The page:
The Canadian Privacy Law Blog: Developments in privacy law and writings of a Canadian privacy lawyer, containing information related to the Personal Information Protection and Electronic Documents Act (aka PIPEDA) and other Canadian and international laws.
The author of this blog, David T.S. Fraser, is a Canadian privacy lawyer who practices with the firm of McInnes Cooper. He is the author of the Physicians' Privacy Manual. He has a national and international practice advising corporations and individuals on matters related to Canadian privacy laws.
For full contact information and a brief bio, please see David's profile.
The views expressed herein are solely the author's and should not be attributed to his employer or clients. Any postings on legal issues are provided as a public service, and do not constitute solicitation or provision of legal advice. The author makes no claims, promises or guarantees about the accuracy, completeness, or adequacy of the information contained herein or linked to. Nothing herein should be used as a substitute for the advice of competent counsel.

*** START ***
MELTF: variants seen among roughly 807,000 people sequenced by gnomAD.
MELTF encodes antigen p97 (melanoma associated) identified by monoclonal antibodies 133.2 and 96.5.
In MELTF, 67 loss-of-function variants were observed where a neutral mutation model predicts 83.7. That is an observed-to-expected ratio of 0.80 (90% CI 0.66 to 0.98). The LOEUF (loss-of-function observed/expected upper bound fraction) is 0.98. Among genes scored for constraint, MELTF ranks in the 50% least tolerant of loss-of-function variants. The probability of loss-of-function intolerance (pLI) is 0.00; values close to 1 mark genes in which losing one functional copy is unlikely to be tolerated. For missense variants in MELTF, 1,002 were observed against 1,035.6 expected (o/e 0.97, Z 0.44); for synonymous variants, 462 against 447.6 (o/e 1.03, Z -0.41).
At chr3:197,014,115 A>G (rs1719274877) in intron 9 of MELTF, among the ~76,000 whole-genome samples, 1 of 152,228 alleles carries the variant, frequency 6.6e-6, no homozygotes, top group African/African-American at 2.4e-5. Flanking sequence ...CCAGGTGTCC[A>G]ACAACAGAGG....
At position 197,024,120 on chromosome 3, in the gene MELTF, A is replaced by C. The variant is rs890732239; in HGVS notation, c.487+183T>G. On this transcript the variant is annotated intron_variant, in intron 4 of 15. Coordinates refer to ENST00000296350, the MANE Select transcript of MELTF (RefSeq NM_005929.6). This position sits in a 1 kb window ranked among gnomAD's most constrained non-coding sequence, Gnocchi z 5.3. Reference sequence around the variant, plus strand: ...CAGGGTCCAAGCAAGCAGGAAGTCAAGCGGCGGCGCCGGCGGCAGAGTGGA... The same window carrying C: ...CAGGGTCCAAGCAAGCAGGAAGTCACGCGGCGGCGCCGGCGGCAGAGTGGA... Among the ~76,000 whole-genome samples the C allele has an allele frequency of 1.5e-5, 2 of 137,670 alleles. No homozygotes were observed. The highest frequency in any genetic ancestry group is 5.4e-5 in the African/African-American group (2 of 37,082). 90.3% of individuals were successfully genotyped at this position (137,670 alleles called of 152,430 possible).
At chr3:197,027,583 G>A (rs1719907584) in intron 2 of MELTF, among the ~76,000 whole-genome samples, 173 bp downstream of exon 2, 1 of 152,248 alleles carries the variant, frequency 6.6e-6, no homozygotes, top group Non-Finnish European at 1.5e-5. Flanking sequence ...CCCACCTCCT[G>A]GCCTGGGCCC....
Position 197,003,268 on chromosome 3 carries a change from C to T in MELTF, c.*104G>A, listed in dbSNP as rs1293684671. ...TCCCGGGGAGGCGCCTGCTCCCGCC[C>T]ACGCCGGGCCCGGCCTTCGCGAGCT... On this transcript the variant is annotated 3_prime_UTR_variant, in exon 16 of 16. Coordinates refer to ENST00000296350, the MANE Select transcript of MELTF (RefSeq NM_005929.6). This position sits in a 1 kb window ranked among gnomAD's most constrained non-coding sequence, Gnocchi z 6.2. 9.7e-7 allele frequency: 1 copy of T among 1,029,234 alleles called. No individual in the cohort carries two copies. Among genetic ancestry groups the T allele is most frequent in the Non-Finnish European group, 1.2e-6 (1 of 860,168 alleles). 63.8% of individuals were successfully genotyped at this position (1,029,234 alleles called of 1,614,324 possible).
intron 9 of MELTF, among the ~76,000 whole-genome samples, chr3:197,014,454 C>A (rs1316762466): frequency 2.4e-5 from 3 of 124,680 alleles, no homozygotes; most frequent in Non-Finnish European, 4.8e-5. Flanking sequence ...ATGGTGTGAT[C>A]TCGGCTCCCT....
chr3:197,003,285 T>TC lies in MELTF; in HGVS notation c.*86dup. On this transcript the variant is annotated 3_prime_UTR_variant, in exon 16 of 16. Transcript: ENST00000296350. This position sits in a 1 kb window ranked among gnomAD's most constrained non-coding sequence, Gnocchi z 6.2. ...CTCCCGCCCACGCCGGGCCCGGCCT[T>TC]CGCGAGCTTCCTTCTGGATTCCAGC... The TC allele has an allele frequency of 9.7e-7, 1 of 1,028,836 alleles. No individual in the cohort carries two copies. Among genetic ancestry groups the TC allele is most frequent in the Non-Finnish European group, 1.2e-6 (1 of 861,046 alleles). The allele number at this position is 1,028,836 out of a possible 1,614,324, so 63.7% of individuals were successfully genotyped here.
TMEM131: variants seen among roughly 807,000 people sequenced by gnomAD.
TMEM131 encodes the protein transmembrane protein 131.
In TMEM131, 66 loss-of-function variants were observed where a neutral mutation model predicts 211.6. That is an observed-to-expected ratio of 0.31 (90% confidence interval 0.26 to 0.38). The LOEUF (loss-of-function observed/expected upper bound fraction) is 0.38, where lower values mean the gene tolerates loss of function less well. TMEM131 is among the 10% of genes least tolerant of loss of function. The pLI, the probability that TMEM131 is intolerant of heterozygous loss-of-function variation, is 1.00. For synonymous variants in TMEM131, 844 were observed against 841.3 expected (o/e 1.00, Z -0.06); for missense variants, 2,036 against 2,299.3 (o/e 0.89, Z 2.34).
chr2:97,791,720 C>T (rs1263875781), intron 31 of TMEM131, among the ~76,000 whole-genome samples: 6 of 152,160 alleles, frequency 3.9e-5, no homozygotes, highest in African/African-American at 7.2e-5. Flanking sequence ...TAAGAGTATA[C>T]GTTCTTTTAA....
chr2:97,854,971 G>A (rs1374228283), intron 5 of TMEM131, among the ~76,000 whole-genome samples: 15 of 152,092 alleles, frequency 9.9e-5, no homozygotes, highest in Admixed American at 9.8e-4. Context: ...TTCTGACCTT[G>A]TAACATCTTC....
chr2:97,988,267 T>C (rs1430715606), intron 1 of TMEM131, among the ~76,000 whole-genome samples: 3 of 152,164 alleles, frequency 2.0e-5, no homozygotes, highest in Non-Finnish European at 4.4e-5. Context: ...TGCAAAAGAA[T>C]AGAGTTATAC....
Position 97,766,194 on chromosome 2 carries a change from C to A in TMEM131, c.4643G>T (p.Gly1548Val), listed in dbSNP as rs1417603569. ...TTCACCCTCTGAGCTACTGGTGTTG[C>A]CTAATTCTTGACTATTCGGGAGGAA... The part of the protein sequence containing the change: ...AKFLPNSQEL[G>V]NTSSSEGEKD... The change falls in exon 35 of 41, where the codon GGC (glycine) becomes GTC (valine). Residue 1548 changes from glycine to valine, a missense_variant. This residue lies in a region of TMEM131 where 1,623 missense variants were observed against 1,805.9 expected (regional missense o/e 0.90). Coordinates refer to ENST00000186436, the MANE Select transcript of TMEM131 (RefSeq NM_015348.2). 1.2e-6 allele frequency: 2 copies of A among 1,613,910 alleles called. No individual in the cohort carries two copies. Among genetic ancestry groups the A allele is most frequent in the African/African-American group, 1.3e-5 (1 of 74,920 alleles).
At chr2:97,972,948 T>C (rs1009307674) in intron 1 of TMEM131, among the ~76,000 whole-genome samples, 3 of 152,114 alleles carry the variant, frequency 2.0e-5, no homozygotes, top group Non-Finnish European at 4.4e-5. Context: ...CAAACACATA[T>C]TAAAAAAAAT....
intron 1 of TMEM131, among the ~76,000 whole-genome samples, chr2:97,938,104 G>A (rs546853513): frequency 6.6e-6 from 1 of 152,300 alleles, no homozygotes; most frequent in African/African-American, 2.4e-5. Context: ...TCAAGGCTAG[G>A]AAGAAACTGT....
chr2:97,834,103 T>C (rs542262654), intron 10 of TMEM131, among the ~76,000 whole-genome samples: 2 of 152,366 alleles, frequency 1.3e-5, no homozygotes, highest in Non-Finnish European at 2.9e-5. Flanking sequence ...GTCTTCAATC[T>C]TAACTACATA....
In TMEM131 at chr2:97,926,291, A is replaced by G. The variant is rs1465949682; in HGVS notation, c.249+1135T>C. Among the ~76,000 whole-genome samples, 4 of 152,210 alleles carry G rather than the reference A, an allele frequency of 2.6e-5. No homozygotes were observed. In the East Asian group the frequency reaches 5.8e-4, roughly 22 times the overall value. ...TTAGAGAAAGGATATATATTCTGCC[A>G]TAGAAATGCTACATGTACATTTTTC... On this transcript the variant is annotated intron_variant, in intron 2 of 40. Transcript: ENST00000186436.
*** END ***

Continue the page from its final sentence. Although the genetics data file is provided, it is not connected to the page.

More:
This web site is presented for informational purposes only. These materials do not constitute legal advice and do not create a solicitor-client relationship between you and David T.S. Fraser. If you are seeking specific advice related to Canadian privacy law or PIPEDA, contact the author, David T.S. Fraser.
Wednesday, February 18, 2009
I blogged earlier this week about a decision from the Ontario Superior Court of Justice that held that Bell Sympatico customers do not have a reasonable expectation of privacy when the police come knocking for the name and address behind an IP address. (See: Canadian Privacy Law Blog: Police get warrantless access to Sympatico customer's data.) I managed to get a copy of the decision in R. v. Wilson (6MB PDF file).While I disagree with the judge's determination that there is no "reasonable expecation of privacy" in this information, what must be remembered is that Bell voluntarily handed the information over.
The Canadian Privacy Law Blog is licensed under a Creative Commons Attribution-Noncommercial-No Derivative Works 2.5 Canada License.